Platinum The Dance Movie
TV Guide Magazine: So are you as mean in this movie as that ghastly Abby Lee Miller lady?Hughes: [Laughs] Well, my character, Jo-Ann, is really pretty horrible! Platinum is a tongue-in-cheek take on dance competitions, with all these great young dancers competing at an extraordinary level and the crazy mothers who push them. It's very authentic, but also very funny. It's about two dance studios that compete in the super-important "National Nationals" and Jo-Ann is a screaming control freak who really wants her daughters to do well and will do anything to make that happen. She only wants the best for them but she's really just impossible. One of her girls is this fabulous, very dreamy dancer, played by Kathryn McCormick, who competed in Season 6 of So You Think You Can Dance. That character is 18 or 19, and the other daughter, played by Marlowe Peyton, is 10 and has a weight problem. The actresses are both so fabulous!
Platinum the Dance Movie
TV Guide Magazine: You've been dancing since you were a kid. Do you relate to any of this?Hughes: No! It's so deadly serious! I started at age 3 and went to a dance school when I was 10 but never experienced any of this. I really wanted to dance. Nobody pushed or forced me. I don't even understand the purpose of these competitions. Sure, you can make some money but the stress is incredible and you can certainly have a career as a dancer without them. It's insane, really. The director, Alex DiMarco, really captured it all beautifully and with a lot of style. The dancing is phenomenal. The level of the talent is so much different now. Seeing some of these young ones in Platinum I think, "I could never have done that!" They are not only major athletes but also bring a passion and creativity and artistry to the stage I could never have come close to. They bring their souls to the stage! And they're raising the bar in ways that couldn't have been imagined just a few years ago, thanks I think to shows like So You Think You Can Dance and Dancing With the Stars, which are making dance cool and raising everyone's game. Doing Platinum made me want to continue in this arena, some way, somehow.
TV Guide Magazine: Well, allrighty then. Isn't your GH costar Carolyn Hennesy [Diane] in this movie, too? Hughes: Yes, and her character is even worse than mine! I just love that woman. So funny! [Laughs] She's mad as a bag of rats!
TV Guide Magazine: How's it feel to come full circle in your career? Hughes: It's so much fun, though I don't think any of the young ones on the set had a clue that I started out as a dancer or know anything about Staying Alive. Kathryn is at the point where I was when I came to Los Angeles to do that movie. I was so young then. I didn't know anything at all! Thank God, John Travolta was so sweet and such a great actor to watch and learn from. He really understood film acting.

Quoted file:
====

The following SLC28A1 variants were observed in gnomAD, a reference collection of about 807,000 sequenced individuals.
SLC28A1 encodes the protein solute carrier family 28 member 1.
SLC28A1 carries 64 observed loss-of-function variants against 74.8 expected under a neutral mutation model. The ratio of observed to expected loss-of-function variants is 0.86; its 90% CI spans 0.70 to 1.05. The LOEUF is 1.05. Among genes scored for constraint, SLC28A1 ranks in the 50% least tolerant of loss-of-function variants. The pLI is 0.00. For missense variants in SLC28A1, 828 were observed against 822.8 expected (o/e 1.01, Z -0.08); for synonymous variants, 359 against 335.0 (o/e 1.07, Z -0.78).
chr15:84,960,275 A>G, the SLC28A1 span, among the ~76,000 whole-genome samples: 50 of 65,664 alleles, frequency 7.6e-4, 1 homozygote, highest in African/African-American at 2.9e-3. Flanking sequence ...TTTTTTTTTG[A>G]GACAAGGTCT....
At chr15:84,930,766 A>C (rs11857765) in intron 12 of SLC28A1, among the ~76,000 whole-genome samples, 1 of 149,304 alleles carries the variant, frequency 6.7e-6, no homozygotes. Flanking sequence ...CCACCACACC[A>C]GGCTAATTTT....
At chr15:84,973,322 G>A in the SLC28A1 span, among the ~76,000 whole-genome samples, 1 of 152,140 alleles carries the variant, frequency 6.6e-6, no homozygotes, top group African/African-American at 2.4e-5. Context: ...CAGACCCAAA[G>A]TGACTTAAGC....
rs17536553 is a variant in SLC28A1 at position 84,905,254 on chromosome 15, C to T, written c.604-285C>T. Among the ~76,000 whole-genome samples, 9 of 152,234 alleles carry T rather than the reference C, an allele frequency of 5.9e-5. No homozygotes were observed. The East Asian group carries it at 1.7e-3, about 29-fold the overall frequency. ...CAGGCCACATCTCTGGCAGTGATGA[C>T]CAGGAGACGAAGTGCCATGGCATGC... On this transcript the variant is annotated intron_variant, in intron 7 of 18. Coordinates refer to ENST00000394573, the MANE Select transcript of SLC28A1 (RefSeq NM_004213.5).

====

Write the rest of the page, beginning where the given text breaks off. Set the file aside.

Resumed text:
Brand New Hotel including complimentary hot breakfast, wireless internet, indoor heated pool, hot tub, and fitness center. All suites include a pull-out sofa, refrigerator, microwave, and coffee maker. We also have free parking and located next door to the movie theater. Ask about reserving our team reception/meeting area!
Performances containing dancers from multiple levels must follow the LEVELING SYSTEM to determine the performance level. All group performances with dancers from multiple levels must be consecutive, with no skipping of levels. Each level has been assigned a numeric value that will be used to determine the performance level.
The Duet/Trio Nonconsecutive Level Rule only applies to Duet/Trios that are NOT consecutive and are skipping a level. A nonconsecutive Duet/Trio may contain dancers of any level and any age. They must perform at the highest level & age division of the registered dancers.Examples: A STARZ OF TOMORROW and ELITE STARZ Duet must compete in the ELITE STARZ level with the age of the oldest dancer.A Trio with 2 STARZ OF TOMORROW dancers and 1 ELITE STARZ dancer must compete in the ELITE STARZ level with the age of the oldest dancer.Duet/Trios WITH consecutive levels will use the LEVEL CALCULATOR to determine the level and average age division.
Turn It Up Dance Challenge recommends contestants enter this level if they have significant competition experience. Dancers who perform in 12 or more routines must be in the competitive level. Productions not included in count. A competitive dancer cannot compete in a novice routine.
Any routine that contains 50% or more full time teachers or professional dancers must enter at the Pro-Amateur level. A professional dancer is one who is currently being paid to perform either on Broadway or television professionally. If a contestant is a paid actor only, they are not considered a professional dancer. If they are paid to be a dancer on a reality series they are not a paid professional dancer.